The past month has been brutal for the roughly half of U.S. adults who own stocks. Since the peak on Feb. 19, the S&P 500 has cratered, losing 34% of its value through March 23. That marks only the sixth time in the past 50 years that stocks have fallen by 30% or more, just over once every eight years on average. 

And if this market crash feels quick and painful, well, it has been. We have seen stocks fall farther and faster in the past month then at almost any other time in the past half-century, and U.S. stocks have lost almost $10 trillion in market value. I don't think it's a stretch to call this market crazy, and when you see this statistic, it should help put the craziness into context: 

Over the past 50 years, it has taken an average of 336 days -- or about 11 months -- for the S&P 500 to fall 30%. It's only taken 30 days for stocks to crash that much this year, or less than 10% as much time as usual. It's been brutal, and brutally fast. 

Man watches line from a chart crash through the ground.

Image source: Getty Images.

It's happened faster ... once

This crash has been unique in a lot of ways, most notably its speed. But that's been largely the product of the root cause: The rapid outbreak of novel coronavirus around the world, and the spread of COVID-19, has ground much of the world's travel and consumer activity to a standstill.

It has happened so suddenly, and with little end in sight, that investors moved at unprecedented speed to sell out of stocks and even many corporate bonds, in an effort to reduce their exposure to what could be the fastest and biggest slowdown in global economic history. But this actually isn't the fastest 30% drop in market history. In 1987, the S&P 500 fell 31.5% in only 14 days: 

^SPX Chart

^SPX data by YCharts

Black Monday was the key to how rapid the 1987 decline was. On that single day, Oct. 19, the S&P 500 fell 20.5%, still one of the worst days in stock market history, and likely to remain that way. Since then, major stock markets have implemented "circuit breakers," or rules that automatically halt trading when markets begin to fall that quickly. Over the past few weeks, we have seen those circuit breakers kick in multiple times to keep emotion and momentum from turning to full-on panic-selling. 

Following Black Monday, the markets would remain pretty up-and-down for about a month, but over the next year the S&P 500 gained 23%. 

Some key numbers to put it into context

1987 and 2020 are by far the two biggest outliers on this list of 30%-plus drops.

530 days

Of the six 30%-plus market drops we've seen in the past 50 years, it took more than 530 days for stocks to fall that much in 1968-1970, 1973-1974, and 2000-2001. That works out to almost 18 months, on average, compared to the one month it took to fall that much in 2020.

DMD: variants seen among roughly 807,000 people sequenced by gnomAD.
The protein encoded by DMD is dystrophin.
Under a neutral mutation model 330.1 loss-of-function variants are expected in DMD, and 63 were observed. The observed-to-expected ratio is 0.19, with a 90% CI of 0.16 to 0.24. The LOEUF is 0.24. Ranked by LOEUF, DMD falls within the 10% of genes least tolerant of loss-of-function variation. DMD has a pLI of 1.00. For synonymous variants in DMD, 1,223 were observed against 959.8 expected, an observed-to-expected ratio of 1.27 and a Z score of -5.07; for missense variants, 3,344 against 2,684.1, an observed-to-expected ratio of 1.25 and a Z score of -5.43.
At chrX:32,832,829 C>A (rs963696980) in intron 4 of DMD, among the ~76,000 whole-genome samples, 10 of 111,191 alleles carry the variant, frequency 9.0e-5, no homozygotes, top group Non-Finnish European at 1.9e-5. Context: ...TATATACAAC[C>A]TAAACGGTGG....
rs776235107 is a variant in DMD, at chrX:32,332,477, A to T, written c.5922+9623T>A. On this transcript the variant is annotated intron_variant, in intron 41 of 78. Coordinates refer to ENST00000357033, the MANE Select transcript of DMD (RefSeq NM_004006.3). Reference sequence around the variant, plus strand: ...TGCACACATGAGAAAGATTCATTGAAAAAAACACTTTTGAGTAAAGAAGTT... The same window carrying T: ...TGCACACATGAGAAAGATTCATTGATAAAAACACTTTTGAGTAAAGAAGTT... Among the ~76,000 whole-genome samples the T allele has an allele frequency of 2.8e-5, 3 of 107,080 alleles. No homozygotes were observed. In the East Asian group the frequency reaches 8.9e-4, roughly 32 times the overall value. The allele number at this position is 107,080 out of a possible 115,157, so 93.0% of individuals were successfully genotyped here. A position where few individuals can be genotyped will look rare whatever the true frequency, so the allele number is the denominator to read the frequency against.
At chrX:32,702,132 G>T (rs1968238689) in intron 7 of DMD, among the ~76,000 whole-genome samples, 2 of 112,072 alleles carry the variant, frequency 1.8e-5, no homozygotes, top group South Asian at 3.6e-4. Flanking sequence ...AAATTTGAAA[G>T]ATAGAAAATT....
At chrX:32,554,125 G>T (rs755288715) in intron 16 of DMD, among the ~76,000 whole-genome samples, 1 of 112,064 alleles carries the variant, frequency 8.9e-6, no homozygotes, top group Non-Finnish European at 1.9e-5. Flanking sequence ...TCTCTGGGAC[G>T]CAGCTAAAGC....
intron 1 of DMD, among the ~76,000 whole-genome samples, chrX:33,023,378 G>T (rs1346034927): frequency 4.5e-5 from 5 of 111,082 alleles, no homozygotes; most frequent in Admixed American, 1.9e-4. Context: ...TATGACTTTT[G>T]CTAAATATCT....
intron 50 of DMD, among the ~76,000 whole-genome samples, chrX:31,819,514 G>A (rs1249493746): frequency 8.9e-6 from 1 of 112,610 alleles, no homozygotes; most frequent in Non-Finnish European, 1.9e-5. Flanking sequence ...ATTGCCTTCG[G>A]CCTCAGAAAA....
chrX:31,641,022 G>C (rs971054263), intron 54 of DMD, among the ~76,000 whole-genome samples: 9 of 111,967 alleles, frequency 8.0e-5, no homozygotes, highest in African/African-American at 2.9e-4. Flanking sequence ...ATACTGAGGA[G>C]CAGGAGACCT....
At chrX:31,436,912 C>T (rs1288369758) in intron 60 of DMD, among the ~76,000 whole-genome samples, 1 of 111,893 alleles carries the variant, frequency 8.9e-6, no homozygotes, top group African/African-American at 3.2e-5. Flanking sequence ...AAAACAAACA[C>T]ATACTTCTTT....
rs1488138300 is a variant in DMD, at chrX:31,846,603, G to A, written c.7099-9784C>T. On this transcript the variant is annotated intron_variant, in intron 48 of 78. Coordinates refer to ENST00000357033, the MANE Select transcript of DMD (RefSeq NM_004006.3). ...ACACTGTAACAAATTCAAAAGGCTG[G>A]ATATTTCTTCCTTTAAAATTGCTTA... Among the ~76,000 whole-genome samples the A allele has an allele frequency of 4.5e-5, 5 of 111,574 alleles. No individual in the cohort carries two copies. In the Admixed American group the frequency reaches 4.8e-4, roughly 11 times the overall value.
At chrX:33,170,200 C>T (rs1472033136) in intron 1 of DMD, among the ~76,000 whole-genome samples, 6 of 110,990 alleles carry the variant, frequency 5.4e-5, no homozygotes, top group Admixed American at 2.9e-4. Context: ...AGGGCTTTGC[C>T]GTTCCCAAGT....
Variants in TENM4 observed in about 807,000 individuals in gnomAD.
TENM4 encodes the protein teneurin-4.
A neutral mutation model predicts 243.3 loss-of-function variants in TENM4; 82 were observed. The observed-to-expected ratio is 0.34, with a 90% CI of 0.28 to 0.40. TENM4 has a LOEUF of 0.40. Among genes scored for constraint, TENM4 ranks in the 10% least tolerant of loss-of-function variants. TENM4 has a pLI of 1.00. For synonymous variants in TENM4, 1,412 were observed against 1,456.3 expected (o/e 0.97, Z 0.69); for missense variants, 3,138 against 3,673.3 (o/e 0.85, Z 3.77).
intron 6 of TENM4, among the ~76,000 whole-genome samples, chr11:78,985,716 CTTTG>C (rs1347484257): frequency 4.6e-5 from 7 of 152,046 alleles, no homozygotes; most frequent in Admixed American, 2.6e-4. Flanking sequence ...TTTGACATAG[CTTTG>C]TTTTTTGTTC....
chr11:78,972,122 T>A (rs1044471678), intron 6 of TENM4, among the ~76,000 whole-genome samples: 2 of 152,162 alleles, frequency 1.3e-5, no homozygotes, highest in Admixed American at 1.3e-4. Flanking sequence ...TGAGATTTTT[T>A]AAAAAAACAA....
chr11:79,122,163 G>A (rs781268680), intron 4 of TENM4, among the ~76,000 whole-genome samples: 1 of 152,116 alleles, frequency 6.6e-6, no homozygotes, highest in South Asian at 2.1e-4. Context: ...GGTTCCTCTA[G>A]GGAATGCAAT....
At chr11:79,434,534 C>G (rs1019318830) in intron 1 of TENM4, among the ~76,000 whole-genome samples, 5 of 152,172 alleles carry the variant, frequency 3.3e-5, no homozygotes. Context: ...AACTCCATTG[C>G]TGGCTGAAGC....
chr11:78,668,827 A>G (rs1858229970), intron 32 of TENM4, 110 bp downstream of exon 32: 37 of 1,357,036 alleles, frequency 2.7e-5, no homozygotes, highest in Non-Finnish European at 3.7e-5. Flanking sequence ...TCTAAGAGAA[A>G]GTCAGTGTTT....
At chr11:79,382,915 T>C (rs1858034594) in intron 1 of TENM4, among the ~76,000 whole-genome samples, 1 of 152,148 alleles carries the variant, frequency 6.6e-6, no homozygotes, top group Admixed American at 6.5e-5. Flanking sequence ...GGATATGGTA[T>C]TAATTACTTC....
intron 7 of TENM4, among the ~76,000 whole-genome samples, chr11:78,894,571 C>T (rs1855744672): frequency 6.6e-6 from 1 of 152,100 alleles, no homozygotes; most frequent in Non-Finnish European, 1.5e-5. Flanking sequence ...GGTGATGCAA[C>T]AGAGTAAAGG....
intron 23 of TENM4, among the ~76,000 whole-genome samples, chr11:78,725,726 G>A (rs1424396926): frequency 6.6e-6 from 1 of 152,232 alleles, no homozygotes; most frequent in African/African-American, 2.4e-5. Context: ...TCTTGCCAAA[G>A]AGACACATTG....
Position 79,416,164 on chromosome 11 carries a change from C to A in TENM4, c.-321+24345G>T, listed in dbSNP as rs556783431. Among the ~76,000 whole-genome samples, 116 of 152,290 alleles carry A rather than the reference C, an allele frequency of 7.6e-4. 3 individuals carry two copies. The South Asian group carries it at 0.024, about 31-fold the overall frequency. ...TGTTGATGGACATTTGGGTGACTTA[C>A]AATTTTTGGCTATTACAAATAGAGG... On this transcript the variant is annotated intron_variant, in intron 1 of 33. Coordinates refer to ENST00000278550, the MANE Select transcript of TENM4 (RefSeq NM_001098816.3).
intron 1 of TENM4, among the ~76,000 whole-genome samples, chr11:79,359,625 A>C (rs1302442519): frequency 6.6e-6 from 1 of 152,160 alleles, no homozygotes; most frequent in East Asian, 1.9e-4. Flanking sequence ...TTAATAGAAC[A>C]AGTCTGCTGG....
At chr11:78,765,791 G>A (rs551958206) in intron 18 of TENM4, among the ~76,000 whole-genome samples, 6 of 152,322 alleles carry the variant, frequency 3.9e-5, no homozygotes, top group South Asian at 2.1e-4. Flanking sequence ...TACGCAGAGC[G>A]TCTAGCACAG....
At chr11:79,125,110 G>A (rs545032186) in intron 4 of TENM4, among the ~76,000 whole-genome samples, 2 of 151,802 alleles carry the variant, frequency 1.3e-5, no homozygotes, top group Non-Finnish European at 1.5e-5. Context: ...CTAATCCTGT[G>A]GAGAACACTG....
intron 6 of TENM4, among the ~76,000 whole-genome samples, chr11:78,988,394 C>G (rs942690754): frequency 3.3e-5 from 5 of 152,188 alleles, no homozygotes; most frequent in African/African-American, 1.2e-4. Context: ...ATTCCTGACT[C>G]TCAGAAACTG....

363 days

Even during the Global Financial Crisis, stocks didn't just leap off a cliff. It was almost a full year from the Oct. 9, 2007, pre-crash peak, to the first 30% drop on Oct. 6, 2008. Of course stocks would continue to fall, finally bottoming out in early March 2009, down more than 56%. 

People wearing surgical masks.

Image source: Getty Images.

Unprecedented times calling for unprecedented response

A couple of points. First, yes, this drop has happened brutally quickly, and for good reason. This is the quickest global health pandemic in the history of humanity. Never before have remote populations been so connected, with international commerce and air travel making the spread of a novel pathogen making this sort of pandemic possible. It's outrun our ability to develop treatments quickly enough to contain the spread. 

That leads to the reality that things are likely to get worse, on the health and economic front. Recession is a foregone conclusion at this point; major industries have been all but shut down, including air travel, entertainment, and hospitality, and millions of Americans are expected to be added to the unemployment roles in the weeks ahead. That will mean severely reduced demand for consumer goods of all kinds, even with the government planning massive stimulus efforts

History tells us something else that's important

But even with those risks and the potential that it will send stocks even lower, history is also an excellent guide in another way: Now is the time people should be looking to buy stocks, not sell them

Red arrow on block pointing to the left while dozens of black arrows on blocks point right.

Image source: Getty Images.

That's because even if we see a protracted period where stocks fall even more, eventually we will move past this. Medical professionals will develop treatments and potentially a vaccine, and life will return to normal. And then we will see a period of recovery, and it's the people who took advantage of the crash to buy who will enjoy the next bull market that will follow. 

Even if you don't have a big pile of cash ready to invest, there are ways to take advantage, such as increasing your 401(k) contributions or putting a little bit into your brokerage account and buying a low-cost index fund like SPDR S&P 500 ETF Trust (NYSEMKT:SPY), the Vanguard S&P 500 ETF (NYSEMKT:VOO) or the Vanguard Total Stock Market ETF (NYSEMKT:VTI)

Even if the market sends them lower in the weeks and months to come, those investments will look absolutely brilliant a decade from now.